First up, we hopped onto the City Sightseeing bus to get a full tour of the city. I highly recommend this service - I used the same in Edinburgh and Oxford England. Reasonably priced, great information, clean, friendly staff, and super convenient with frequent stops. Check them out here. They also offer discounted admissions to various attractions around the city, so be sure to ask the driver about the attractions you want to visit and the types of promotions they offer before purchasing directly at the venue. Even at that same price, the convenience of purchasing from the bus saves (depending on how crowded it is) a lot of time waiting in lines to purchase admission at the venue. We also just loved sitting on the bus and taking a few trips around the city of various routes listening to the driver tell stories or give information about sights along the way - all with a bit of wit and Irish charm.
The Book of Kells
Not only is Trinity College a beautiful place in itself, it is home to the world famous Book of Kells - a fully illuminated manuscript in Latin completed by monks in about the 9th century. It is truly a magnificent piece of history. There are also several other artifacts to see throughout the library, like the original Brian Boru's medieval harp which became the national symbol for Ireland.
National Museum of Ireland
If you travel anywhere in the world and they have a national museum, GO TO IT! This is the perfect way to get a better understanding of the local history (ancient to modern) through perfectly curated collections of artifacts and information. And, in many cases, visiting these museums are free! This goes for the National Museum of Ireland. We opted to visit their Archaeology museum - they have 4 to choose from (Decorative Arts & History, Natural History, Country Life and Archaeology). Visit their webpage here for all the details. Be sure to add this or any of their locations to your trip!
General Post Office Museum
The highlight for our stay in Dublin was visiting the General Post Office. Yes! Who knew that a post office would have an award winning museum!? Attached to the historical post office is a state of the art, modern interpretation center and museum. The exhibits tell the story of the Easter Uprising of 1916 and gives perspective to modern Irish history.
The entrance fee for the museum is 15e for adults, so a bit higher than other museums - but it is worth every cent! The exhibit is immersive and interactive experience that made me feel as if I was living in the middle of the events in April 1916. The rising was launched by Irish republicans with the mission to end British rule in Ireland while the UK was fighting WWI.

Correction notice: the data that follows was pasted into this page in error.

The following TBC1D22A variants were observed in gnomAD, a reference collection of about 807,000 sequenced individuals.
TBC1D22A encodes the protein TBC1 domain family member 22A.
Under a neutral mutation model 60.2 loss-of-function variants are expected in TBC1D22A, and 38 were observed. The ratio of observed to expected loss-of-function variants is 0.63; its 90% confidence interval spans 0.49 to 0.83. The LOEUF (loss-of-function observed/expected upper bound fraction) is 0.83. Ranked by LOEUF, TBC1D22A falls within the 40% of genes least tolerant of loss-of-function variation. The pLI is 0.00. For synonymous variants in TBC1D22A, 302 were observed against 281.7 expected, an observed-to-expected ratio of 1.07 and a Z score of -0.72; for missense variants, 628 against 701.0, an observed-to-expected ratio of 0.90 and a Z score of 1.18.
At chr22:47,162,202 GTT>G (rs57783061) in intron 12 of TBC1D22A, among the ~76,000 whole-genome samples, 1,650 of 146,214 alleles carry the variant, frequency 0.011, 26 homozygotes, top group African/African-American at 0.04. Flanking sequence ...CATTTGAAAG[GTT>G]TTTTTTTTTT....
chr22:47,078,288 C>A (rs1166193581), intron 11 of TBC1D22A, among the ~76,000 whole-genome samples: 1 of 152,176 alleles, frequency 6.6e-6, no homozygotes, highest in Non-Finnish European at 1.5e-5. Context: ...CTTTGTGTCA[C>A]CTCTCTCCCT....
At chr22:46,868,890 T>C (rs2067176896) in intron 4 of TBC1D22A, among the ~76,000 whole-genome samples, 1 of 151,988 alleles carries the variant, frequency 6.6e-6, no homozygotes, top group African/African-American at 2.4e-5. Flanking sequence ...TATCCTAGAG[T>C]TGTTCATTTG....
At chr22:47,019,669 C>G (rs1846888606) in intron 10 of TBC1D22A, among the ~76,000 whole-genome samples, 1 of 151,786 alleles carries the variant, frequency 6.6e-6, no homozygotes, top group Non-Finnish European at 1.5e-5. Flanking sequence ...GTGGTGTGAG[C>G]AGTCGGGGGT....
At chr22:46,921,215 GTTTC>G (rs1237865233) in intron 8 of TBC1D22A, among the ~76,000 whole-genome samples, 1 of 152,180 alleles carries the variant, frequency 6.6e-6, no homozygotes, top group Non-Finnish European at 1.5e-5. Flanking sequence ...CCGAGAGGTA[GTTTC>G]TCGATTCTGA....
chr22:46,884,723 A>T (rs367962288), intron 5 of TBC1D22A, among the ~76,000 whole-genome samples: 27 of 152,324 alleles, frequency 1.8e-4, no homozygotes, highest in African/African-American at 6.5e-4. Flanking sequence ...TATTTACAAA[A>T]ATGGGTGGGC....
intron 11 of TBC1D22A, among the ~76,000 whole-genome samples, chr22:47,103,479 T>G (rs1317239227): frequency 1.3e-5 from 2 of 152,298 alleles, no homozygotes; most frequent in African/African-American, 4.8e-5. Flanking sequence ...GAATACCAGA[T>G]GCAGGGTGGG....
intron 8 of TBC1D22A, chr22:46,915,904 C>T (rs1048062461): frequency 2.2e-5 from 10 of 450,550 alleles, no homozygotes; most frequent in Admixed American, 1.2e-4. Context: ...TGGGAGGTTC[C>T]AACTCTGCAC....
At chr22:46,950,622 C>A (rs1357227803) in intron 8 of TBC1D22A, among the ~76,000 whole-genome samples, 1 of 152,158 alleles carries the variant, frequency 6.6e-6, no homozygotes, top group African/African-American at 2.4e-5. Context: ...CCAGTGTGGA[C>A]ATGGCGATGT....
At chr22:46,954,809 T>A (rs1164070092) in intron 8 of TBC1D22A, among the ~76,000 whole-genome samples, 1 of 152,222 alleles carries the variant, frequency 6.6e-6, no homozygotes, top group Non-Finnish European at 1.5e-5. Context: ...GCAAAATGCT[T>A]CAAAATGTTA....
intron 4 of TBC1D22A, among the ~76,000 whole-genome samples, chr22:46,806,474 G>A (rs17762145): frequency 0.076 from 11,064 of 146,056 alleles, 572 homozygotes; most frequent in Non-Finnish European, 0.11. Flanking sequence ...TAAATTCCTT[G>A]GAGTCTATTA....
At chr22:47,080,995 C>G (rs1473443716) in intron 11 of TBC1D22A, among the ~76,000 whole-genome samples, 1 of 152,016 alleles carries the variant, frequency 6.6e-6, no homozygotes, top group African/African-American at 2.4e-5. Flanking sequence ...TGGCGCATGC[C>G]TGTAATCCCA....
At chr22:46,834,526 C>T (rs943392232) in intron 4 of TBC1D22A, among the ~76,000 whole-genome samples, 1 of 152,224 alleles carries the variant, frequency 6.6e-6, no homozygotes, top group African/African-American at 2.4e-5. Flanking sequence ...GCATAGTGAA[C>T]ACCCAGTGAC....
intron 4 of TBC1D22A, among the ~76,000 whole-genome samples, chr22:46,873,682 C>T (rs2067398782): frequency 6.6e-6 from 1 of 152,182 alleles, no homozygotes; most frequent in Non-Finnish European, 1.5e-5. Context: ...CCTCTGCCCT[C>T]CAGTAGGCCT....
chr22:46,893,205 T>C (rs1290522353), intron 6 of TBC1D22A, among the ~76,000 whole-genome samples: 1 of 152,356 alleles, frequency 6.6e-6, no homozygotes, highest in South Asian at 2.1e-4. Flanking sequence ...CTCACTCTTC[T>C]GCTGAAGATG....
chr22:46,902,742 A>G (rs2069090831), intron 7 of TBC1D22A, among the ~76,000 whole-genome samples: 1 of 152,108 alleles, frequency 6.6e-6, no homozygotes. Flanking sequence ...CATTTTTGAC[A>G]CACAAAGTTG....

The curation of this museum was perfection. Although more mature in content due to the violence of the uprising, it is historically on the most significant moments in Irish history and I believe is vital for all ages to experience.
Plus, we popped into this gorgeous post office to send off a few postcards back home.
I highly recommend visiting Dublin Castle. Although not extravagant or excessive in 'interactive' Disney-like entertainment, it is full of historical significance to Dublin. We opted for the self-guided tour (8e per adult), so the admission is very affordable. We also enjoyed a delicious lunch of crafted sandwiches and salads in their cafe overlooking the grand lawn. It was a perfectly sunny and cool day.
The original castle was built in 1204 and suffered a great fire in 1624. From 1204-1922, the castle was a residence for the British monarch's Irish representatives. The end of the British presence had come about in the wake of the Easter Rising of 1916 and the Irish War of Independence.
Guests at the castle over the centuries were Benjamin Franklin (1771), Charles Dickens (1864), John F Kennedy (1963), Nelson Mandela (1990) and countless others. Writer, Bram Stoker (Dracula), worked here from 1866-1878. The castle is an iconic symbol of Dublin and of the Republic of Ireland.
Christ Church Cathedral & The Dublinia Vikings Museum
Another great visit was to the Vikings museum, Dublinia which is located directly next to Christ Church. This is a fantastic museum especially for families with kids. There are several sections that are hands on and interactive. Even as two adult females, we had a blast. The museum offers a good balance of fun, interactive living history combined with enough education, historical information and artifacts. This was a great exhibit to learn more about Medieval Dublin at the times of the Vikings.
The iconic center-point of Dublin is Christ Church Cathedral with its world famous bell tower and stone bridge. Like so many medieval churches, the ornate beauty throughout the cathedral is simply breathtaking. Make sure to head down to the church catacombs where there are several artifacts to get up close to. The eerie, dark and ancient ambiance in the catacombs was so cool to experience! The church still operates as an active church with services, concerts and more. Check out their site for the latest details on planning your visit to the cathedral.
St. Patrick's Cathedral
Just before departing Dublin, we took a few more spins on the City Sightseeing bus and made it a point to stop in at St. Patrick's Cathedral as it had been our next door neighbor and view for the first few days here in Ireland. I was so impressed with this stunning cathedral. I would put St. Patrick's on your list for visiting Dublin! We had the pleasure of being welcomed by the sounds of an international choir practicing for a service - it added a whole other element to the experience there. We also were encouraged to leave a prayer leaf on the remembrance tree, in which we did. We honored our ancestors and my cousin who was killed in active duty in Afghanistan. It was a touching way to end our time in Dublin.
Stay tuned for part 3! I will recap the remainder of our trip to Powerscourt Palace and beyond!